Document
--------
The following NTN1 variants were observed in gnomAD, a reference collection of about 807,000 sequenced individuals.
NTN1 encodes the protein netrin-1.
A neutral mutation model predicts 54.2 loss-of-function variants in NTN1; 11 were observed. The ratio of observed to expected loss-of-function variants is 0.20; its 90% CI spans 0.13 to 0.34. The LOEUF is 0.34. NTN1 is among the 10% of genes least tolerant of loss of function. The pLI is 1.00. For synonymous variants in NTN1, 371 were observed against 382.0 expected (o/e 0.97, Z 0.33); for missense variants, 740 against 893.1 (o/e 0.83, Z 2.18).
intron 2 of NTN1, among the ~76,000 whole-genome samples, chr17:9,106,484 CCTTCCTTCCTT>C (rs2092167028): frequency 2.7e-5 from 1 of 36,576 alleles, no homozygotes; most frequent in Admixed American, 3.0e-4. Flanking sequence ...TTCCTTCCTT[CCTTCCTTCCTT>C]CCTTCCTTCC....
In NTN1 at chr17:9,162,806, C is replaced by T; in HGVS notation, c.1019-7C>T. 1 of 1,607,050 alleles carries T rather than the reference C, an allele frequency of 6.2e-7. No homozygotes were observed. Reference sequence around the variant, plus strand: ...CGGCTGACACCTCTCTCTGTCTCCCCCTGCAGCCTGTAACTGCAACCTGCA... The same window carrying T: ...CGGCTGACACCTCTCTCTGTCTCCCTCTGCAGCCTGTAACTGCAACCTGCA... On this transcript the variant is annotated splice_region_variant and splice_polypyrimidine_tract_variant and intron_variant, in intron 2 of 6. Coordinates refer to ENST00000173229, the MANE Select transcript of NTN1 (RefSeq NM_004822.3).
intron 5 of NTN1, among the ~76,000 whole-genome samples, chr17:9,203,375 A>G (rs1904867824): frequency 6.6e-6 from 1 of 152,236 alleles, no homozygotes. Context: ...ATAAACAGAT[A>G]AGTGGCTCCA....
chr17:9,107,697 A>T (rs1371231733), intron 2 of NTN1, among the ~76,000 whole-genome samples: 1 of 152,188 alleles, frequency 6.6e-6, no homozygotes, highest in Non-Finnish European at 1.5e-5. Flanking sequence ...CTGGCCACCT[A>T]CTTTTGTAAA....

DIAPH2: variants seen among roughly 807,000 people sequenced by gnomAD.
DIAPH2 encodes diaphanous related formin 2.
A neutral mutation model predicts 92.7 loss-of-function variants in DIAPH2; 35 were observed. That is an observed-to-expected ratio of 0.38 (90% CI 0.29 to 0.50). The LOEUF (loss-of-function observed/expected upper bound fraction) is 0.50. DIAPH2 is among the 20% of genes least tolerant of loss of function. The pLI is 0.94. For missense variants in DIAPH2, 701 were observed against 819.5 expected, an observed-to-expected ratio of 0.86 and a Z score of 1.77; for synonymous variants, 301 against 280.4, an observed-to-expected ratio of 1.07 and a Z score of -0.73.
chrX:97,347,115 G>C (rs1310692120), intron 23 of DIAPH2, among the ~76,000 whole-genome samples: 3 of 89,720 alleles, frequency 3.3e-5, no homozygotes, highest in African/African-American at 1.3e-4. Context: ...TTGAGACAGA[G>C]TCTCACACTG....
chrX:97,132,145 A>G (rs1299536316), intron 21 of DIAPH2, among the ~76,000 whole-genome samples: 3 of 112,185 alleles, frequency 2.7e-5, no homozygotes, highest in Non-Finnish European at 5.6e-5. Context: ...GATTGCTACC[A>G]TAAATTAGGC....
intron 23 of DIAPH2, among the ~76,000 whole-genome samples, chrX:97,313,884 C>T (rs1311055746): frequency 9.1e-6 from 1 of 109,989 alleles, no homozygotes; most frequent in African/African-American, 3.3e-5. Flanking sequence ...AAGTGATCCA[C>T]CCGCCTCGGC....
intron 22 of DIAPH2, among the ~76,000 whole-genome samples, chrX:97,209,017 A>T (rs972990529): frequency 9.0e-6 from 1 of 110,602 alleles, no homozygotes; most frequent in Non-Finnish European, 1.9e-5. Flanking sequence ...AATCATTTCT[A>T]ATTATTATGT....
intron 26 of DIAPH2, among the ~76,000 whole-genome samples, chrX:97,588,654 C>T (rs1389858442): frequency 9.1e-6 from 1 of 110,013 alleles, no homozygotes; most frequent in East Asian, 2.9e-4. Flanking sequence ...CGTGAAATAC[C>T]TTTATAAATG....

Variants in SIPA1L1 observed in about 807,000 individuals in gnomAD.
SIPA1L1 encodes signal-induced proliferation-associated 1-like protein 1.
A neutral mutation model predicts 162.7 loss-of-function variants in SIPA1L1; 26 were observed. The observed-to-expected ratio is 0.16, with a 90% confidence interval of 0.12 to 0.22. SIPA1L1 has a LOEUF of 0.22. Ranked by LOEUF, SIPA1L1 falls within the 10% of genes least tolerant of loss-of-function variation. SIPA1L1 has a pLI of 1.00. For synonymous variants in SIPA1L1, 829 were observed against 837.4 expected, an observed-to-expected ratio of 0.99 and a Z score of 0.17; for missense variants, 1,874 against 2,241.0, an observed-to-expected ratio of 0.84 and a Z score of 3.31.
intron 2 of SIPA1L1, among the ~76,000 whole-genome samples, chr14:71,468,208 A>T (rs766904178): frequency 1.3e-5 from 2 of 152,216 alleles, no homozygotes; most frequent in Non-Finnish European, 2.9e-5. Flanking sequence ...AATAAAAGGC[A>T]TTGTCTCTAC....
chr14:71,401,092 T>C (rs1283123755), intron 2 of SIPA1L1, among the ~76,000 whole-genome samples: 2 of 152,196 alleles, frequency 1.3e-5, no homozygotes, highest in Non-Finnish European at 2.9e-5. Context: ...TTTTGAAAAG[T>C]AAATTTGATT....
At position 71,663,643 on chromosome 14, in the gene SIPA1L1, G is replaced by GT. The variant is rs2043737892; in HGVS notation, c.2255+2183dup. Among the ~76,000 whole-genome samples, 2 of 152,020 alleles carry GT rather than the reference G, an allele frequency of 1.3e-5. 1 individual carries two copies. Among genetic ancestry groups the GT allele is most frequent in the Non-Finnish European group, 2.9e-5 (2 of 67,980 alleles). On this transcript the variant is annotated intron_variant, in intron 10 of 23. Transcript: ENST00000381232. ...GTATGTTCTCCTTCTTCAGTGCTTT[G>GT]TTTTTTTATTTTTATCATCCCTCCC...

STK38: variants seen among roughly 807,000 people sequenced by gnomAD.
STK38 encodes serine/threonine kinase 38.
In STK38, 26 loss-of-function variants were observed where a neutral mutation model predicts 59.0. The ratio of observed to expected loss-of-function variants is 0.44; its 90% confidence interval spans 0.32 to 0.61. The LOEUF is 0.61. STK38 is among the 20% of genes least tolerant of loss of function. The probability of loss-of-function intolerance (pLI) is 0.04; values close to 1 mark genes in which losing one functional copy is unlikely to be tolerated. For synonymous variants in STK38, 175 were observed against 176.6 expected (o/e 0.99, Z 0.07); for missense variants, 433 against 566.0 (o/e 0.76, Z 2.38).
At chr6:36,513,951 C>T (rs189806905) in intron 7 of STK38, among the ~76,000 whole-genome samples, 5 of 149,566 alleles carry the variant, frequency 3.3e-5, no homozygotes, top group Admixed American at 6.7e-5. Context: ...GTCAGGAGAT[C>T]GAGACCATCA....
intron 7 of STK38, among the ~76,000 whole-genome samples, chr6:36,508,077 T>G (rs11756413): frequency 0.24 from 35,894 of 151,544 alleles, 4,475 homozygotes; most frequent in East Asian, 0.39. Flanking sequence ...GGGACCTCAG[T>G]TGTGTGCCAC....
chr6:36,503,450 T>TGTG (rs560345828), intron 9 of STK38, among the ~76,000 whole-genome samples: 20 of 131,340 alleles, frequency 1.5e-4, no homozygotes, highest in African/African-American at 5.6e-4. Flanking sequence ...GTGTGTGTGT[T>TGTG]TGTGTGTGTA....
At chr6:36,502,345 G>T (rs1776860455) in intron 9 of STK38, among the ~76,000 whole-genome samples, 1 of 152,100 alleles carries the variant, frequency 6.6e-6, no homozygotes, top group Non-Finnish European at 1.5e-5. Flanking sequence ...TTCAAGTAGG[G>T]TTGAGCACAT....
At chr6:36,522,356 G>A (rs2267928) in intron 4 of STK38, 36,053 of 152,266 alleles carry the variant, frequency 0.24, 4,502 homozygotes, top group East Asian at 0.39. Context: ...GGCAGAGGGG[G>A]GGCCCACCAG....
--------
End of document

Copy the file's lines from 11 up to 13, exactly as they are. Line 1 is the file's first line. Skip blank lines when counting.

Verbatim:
chrX:97,347,115 G>C (rs1310692120), intron 23 of DIAPH2, among the ~76,000 whole-genome samples: 3 of 89,720 alleles, frequency 3.3e-5, no homozygotes, highest in African/African-American at 1.3e-4. Context: ...TTGAGACAGA[G>C]TCTCACACTG....
chrX:97,132,145 A>G (rs1299536316), intron 21 of DIAPH2, among the ~76,000 whole-genome samples: 3 of 112,185 alleles, frequency 2.7e-5, no homozygotes, highest in Non-Finnish European at 5.6e-5. Context: ...GATTGCTACC[A>G]TAAATTAGGC....
intron 23 of DIAPH2, among the ~76,000 whole-genome samples, chrX:97,313,884 C>T (rs1311055746): frequency 9.1e-6 from 1 of 109,989 alleles, no homozygotes; most frequent in African/African-American, 3.3e-5. Flanking sequence ...AAGTGATCCA[C>T]CCGCCTCGGC....